Skift Take

The ability to alter boarding passes with a few tricks of the laptop isn't new news. Neither is the airlines' unwillingness to enact methods to prevent the manipulation from happening.

The Washington Post was alerted to the vulnerabilities by concerned passengers and verified them through independent security experts. At the request of U.S. officials, The Post is withholding details that would make it easier for the vulnerabilities to be exploited.

The security gaps center on airline boarding passes, which can be issued up to 24 hours before a flight’s departure. According to security researchers, the bar codes on those passes can be manipulated with widely available technology to change the information they contain: passenger identification, flight data, and codes indicating whether a passenger has qualified for expedited screening.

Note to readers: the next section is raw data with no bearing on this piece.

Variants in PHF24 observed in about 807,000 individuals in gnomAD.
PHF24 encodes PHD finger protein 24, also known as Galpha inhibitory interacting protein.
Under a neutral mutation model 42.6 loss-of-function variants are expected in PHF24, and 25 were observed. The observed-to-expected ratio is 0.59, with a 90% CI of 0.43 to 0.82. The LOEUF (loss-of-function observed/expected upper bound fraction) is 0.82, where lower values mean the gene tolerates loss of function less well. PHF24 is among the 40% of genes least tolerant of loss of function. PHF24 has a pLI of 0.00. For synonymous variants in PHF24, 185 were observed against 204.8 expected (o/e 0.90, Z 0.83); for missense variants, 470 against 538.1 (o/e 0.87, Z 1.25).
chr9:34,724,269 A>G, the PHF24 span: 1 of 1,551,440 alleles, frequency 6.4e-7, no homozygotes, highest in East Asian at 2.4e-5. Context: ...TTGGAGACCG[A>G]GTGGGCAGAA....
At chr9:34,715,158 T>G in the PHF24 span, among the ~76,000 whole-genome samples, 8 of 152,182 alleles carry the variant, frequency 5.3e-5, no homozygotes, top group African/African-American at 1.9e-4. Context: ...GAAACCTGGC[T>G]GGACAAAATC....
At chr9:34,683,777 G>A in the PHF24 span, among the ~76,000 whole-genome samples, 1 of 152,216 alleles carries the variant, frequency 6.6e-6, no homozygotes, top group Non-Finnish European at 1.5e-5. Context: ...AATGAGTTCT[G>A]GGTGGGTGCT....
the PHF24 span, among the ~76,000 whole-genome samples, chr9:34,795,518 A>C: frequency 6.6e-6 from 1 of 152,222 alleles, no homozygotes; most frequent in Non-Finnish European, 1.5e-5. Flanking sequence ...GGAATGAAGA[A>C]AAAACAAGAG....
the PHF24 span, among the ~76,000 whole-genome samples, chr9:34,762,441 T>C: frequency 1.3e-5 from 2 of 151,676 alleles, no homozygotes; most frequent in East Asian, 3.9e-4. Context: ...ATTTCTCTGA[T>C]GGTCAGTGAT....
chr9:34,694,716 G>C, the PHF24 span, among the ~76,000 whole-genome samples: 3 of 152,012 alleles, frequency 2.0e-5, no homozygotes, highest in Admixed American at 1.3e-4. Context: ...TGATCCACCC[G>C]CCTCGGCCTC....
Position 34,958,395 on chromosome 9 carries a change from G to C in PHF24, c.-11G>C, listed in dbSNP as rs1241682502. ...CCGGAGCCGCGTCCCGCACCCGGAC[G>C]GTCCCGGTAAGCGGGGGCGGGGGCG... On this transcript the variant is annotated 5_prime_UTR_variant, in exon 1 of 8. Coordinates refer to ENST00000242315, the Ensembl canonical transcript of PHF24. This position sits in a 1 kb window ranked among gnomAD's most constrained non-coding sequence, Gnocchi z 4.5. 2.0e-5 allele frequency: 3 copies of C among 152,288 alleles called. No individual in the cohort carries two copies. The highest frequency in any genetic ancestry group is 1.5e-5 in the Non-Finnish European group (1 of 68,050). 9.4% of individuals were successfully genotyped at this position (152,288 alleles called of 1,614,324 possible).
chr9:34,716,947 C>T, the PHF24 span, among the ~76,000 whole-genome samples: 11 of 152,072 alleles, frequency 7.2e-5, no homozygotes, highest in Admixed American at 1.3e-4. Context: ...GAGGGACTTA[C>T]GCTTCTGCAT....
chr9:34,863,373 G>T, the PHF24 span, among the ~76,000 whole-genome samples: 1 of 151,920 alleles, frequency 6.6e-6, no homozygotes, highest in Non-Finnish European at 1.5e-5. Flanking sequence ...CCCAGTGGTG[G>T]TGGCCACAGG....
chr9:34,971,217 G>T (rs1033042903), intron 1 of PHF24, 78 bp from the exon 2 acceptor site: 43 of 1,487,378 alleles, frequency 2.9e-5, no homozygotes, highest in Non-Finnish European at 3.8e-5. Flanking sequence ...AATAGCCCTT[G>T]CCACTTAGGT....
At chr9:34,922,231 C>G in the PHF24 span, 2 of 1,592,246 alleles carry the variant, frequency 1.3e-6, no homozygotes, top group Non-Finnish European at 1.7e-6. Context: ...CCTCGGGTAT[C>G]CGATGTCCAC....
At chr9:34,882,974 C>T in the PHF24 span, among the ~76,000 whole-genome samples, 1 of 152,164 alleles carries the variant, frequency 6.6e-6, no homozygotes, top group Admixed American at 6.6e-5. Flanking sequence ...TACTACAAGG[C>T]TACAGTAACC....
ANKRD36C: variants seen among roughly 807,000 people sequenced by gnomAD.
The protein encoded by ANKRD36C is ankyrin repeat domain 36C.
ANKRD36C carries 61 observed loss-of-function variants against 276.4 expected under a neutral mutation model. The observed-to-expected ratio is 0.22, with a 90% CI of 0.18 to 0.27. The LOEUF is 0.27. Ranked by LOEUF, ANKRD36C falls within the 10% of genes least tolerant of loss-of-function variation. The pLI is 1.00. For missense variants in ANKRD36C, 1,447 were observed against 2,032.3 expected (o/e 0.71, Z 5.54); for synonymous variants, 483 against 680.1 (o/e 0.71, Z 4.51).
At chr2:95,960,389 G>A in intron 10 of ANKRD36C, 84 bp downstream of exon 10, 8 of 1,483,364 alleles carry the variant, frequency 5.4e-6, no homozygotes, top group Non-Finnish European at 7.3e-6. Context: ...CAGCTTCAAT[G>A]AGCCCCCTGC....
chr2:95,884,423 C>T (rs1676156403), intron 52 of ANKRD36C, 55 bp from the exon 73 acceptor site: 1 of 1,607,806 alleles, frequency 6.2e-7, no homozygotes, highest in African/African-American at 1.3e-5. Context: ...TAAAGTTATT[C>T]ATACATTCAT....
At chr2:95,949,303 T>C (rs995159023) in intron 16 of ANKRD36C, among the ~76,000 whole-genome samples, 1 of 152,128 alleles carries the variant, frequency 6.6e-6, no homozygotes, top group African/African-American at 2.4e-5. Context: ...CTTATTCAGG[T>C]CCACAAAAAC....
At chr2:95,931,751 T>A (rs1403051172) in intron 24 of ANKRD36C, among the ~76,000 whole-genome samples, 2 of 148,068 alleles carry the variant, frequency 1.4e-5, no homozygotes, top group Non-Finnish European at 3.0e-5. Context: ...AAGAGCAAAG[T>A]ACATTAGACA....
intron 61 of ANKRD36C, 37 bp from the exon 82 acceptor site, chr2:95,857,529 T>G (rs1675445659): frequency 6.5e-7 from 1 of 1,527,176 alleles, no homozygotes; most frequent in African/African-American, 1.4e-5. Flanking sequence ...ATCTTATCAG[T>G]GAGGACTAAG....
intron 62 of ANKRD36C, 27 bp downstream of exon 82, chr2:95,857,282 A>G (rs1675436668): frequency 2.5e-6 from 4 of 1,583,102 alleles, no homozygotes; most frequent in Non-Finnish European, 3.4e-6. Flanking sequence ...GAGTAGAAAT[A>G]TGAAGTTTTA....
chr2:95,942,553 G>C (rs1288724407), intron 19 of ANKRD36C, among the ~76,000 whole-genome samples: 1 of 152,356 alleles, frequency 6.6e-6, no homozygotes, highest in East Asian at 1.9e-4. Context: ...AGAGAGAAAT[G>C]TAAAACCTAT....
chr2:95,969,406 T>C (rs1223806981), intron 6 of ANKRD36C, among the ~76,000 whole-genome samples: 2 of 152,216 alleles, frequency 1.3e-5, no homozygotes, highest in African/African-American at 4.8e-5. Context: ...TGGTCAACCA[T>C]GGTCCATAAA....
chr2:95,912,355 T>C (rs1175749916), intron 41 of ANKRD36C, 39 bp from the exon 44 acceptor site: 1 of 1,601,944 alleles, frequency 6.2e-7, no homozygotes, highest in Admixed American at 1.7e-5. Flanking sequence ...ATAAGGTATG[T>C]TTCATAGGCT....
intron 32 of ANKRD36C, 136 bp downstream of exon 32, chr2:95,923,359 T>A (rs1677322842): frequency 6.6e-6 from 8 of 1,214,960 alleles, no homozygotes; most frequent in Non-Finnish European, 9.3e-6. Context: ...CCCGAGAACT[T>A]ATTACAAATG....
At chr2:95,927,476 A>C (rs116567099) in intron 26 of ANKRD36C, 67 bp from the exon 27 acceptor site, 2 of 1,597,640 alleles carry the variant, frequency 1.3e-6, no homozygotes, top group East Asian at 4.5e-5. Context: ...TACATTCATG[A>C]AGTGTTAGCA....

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Tags: security, tsa

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